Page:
Teen soloist to play Mendelssohn concerto at Jan. 17 concert
Violinist Alex Zhou can’t wait to be “in the zone” while playing the Mendelssohn Violin Concerto in E Minor with Symphony Parnassus at the January 17 concert.
He likes the Mendelssohn concerto for its “simplicity and beauty,” and is thrilled to perform it again—his third outing with one of the world’s most popular showpieces for violin and orchestra. He has been soloing with orchestras for the past five years, and loves the feeling of being swept away by the music, or “in the zone,” as he says, even if it is occasionally nerve-wracking.
“Every time I play with an orchestra, I get really nervous,” he said, “but after it’s over, I always like what just happened and think ‘when can I do this again?’”
Alex, 14, is from San Jose and has won many first-place prizes, including the Mondavi Center Young Artists Competition, and the Andrea Postacchini International Violin Competition in Italy, both in 2012. His performance with Symphony Parnassus is a result of his winning the 2015 Parnassus-San Francisco Conservatory of Music Competition.
Alex started piano lessons at age 5, and began playing the violin a year later after seeing a home video of his older sister Kathy, now 25, performing in her elementary school orchestra. Intrigued, he found her old violin and tried to play it. “I just really wanted to learn how to play,” he said.
He was instantly hooked and began taking violin lessons, too.
Neither of his parents are musicians; his father, James Zhou (rhymes with vow), is a chemist, and his mom, June Hu, is an accountant. They didn’t, at first, realize their son was a prodigy. “They thought I was just ‘sawing away,’ on the violin,” Alex said, until his teacher told them of his special gift.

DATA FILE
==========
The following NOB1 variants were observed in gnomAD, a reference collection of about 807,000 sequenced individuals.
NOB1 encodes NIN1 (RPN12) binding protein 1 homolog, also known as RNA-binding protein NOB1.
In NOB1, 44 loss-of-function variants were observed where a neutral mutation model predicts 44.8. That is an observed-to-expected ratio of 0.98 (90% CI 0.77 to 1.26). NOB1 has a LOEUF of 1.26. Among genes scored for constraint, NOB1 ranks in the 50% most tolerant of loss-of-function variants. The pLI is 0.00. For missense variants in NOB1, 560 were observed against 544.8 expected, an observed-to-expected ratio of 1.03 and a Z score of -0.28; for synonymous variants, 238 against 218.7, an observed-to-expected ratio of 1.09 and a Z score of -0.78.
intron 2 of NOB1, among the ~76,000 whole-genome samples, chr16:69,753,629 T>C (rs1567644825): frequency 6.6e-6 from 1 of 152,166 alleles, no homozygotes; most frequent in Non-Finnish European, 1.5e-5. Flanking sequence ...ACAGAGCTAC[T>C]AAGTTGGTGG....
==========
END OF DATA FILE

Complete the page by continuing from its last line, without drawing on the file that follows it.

Alex is still surprised and humbled by the attention his playing has brought him. “I guess I’m a normal person,” he says, “but I forget that I have this talent. It’s really weird.” When not practicing his violin—three hours a day when his school schedule allows—he likes to read, play badminton and take photographs.
He is involved in the Pre-College program at the San Francisco Conservatory of Music (where he studies with violin teacher Zhao Wei), and has also studied with acclaimed violinist Itzhak Perlman for two summers at the Perlman Music Program in New York. Alex said that working with Perlman was a life-changing experience.
“He’s really down to earth and doesn’t look down on you if you’re not as good as him. He tries to encourage you,” Alex said. “When you get treated so well, it changes you, and you want to be that kind of person…to work hard to be a better musician and also a better person.”